We compared cohorts of raters from different countries who received training on the PANSS. We attempted to determine if there was any consistent by-country impact on specific items, factors, or subscales. We also queried raters about their perceptions of the instrument they were asked to use vis-à-vis their local patient population.
The data set comes from standardized rater training events involving raters from four countries: India (n = 83), Russia (n = 59), the US (n = 63), and Romania (n = 76). Raters scored interviews of schizophrenic patients using the PANSS. Scores were compared and intra-class correlation coefficients (ICCs) and rater agreement with “gold standard” scores were evaluated. The results were viewed against raters’ responses to questions about how well the PANSS items correlated to the presentation of symptoms.
Raters from the US and Russia demonstrated a higher level of inter-rater consistency with ICCs of 0.883 and 0.835, respectively. For eight PANSS items, all raters demonstrated at least 80% agreement with the gold standard scores. For ten PANSS items, there was at least one country whose raters scored below 60% agreement. The PANSS items with the lower inter-rater reliability were the same items raters indicated as problematic in local settings.
The differences in rater performance indicate that standardized rater training is broadly effective but that there are some important differences in the way in which different groups conceptualize symptomatology and corresponding PANSS items. This suggests a need to tailor training to ensure reliability and validity in the use of this instrument.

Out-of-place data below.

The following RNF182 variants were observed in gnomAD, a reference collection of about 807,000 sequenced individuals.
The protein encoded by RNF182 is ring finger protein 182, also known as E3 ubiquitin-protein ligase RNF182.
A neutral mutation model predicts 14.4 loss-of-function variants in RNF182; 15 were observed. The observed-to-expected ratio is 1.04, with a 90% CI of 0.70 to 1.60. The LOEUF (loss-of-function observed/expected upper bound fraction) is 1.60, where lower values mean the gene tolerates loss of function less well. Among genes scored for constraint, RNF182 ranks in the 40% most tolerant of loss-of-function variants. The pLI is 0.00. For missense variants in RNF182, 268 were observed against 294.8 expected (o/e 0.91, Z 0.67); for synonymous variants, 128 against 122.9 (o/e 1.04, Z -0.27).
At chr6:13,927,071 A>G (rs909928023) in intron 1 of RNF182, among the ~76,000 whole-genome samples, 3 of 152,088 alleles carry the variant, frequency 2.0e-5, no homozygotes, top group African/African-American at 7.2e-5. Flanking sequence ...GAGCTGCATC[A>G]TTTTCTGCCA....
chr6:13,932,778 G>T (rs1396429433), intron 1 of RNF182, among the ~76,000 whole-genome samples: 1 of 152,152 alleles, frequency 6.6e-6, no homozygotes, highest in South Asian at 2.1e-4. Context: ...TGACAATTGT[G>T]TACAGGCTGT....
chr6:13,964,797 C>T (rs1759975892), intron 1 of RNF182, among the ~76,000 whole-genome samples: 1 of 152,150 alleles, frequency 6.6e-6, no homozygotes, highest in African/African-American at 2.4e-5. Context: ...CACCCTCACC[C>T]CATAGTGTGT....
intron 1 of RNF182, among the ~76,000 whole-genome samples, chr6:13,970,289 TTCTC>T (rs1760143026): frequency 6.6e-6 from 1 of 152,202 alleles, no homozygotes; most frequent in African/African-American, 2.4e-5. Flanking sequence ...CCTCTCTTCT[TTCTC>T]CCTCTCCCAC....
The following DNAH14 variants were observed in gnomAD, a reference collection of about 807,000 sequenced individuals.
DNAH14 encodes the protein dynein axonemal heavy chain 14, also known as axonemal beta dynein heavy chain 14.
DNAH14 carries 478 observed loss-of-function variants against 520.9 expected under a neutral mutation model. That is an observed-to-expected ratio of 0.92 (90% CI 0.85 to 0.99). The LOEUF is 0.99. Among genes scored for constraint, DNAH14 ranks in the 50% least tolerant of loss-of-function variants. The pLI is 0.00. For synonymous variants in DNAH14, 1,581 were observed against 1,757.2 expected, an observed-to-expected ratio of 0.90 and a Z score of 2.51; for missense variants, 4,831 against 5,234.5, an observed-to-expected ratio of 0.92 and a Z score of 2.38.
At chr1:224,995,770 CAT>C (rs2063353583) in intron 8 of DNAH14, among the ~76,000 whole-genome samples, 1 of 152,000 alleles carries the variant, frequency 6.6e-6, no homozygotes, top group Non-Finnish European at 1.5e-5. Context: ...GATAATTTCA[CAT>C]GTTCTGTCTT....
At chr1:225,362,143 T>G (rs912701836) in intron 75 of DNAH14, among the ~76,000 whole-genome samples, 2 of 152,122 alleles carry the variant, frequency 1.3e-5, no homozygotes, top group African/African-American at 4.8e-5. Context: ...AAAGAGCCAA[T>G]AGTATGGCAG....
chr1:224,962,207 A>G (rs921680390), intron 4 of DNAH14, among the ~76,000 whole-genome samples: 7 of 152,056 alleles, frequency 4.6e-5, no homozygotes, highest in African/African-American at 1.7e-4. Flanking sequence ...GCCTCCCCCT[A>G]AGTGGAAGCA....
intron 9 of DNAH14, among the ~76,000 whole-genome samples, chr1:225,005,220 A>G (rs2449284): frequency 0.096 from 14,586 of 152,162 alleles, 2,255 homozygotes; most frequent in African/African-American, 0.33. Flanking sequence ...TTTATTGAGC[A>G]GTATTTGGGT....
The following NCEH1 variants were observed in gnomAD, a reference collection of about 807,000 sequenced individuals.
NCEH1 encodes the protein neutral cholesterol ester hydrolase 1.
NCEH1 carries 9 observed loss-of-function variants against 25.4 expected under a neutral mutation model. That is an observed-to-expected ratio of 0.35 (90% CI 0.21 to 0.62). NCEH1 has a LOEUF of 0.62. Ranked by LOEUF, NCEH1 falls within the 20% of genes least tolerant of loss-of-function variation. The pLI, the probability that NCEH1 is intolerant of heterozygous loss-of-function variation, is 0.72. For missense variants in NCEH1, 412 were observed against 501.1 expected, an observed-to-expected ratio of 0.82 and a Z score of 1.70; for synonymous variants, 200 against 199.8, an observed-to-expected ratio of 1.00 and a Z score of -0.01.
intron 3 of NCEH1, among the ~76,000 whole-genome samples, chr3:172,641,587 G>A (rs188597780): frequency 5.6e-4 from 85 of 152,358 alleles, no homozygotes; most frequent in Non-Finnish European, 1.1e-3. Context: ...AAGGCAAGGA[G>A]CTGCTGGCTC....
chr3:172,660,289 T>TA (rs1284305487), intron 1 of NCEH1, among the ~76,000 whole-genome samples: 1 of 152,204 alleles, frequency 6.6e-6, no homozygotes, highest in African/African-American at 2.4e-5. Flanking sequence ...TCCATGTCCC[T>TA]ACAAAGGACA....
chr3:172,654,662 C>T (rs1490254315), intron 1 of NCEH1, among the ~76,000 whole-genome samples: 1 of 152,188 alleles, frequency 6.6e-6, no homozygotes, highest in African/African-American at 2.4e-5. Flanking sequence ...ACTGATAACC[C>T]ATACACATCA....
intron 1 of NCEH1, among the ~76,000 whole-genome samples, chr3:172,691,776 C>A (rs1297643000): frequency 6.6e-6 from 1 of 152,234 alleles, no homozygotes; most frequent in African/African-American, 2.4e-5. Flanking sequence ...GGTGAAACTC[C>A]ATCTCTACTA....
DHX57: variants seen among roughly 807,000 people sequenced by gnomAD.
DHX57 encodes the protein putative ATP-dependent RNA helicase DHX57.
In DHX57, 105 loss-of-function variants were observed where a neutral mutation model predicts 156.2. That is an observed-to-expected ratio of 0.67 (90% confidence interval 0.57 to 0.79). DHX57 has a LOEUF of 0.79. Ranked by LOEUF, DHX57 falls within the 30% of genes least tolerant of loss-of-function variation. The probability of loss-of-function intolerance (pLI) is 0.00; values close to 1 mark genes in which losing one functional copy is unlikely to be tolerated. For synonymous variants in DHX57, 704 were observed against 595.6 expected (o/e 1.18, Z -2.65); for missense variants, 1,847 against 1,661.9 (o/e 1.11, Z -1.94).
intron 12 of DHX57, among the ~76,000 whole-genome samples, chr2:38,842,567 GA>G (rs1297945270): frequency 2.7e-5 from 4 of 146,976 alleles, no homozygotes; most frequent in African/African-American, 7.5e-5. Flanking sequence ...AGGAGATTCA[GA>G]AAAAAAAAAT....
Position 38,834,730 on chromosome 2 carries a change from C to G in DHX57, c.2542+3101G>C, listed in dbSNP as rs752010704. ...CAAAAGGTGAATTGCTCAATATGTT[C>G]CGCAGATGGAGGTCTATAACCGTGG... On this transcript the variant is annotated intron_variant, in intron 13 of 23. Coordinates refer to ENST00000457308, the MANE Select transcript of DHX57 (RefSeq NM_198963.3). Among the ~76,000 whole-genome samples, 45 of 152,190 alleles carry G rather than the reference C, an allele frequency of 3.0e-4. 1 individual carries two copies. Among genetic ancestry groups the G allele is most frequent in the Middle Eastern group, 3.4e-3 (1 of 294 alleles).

Though rater drift in clinical trials has long been understood to negatively impact trial results, few studies have systematically quantified this. We examined training data for the HAM-D (Hamilton Depression Scale, 17-item version) at two time points to measure the impact.
Raters participating in a standardized training scored the HAM-D based on two videotaped interviews of depressed patients. To assess drift, data from an initial, post-online training session was compared to data obtained 12 months later. Intra-class correlation coefficients (Shrout & Fliess, 1979) and concordance with expert ratings were compared.
Intra-class correlation coefficients (ICC) for raters (n = 167) following initial training were good to excellent for individual raters (.695–.976, p < .0001) and good for the overall cohort (.752, p < .0001). Concordance with expert ratings was excellent at 99.3%. The overall ICC fell to .730 at the second assessment and although the upper bound of individual performance remained in the good to excellent range, the frequency of scores in the poor to fair range (< .65) increased. Concordance also fell slightly to 87%.
Rater drift occurred over 12 months, as gauged by the metrics of reliability and concordance. Drift was apparent in a limited portion of the cohort but resulted in a lower overall ICC at the second time point. Because studies are generally powered assuming that the ICC remains stable, there are implications for both this power calculation and the required sample size.
Recent advances in biomarker technology have allowed for the development of highly predictive tests for Alzheimer's disease (AD) when combined with standard psychometric tests. Current research in AD utilizes the ADAS-Cog and/or the MMSE as standard measures; they do not exclusively address the specific deficits expected in an amnesic syndrome of the hippocampal type as express with AD.
Because episodic memory degradation is most strongly predictive of conversion from mild cognitive impairment (MCI) to AD, a clinical measure targeting this deficit is warranted.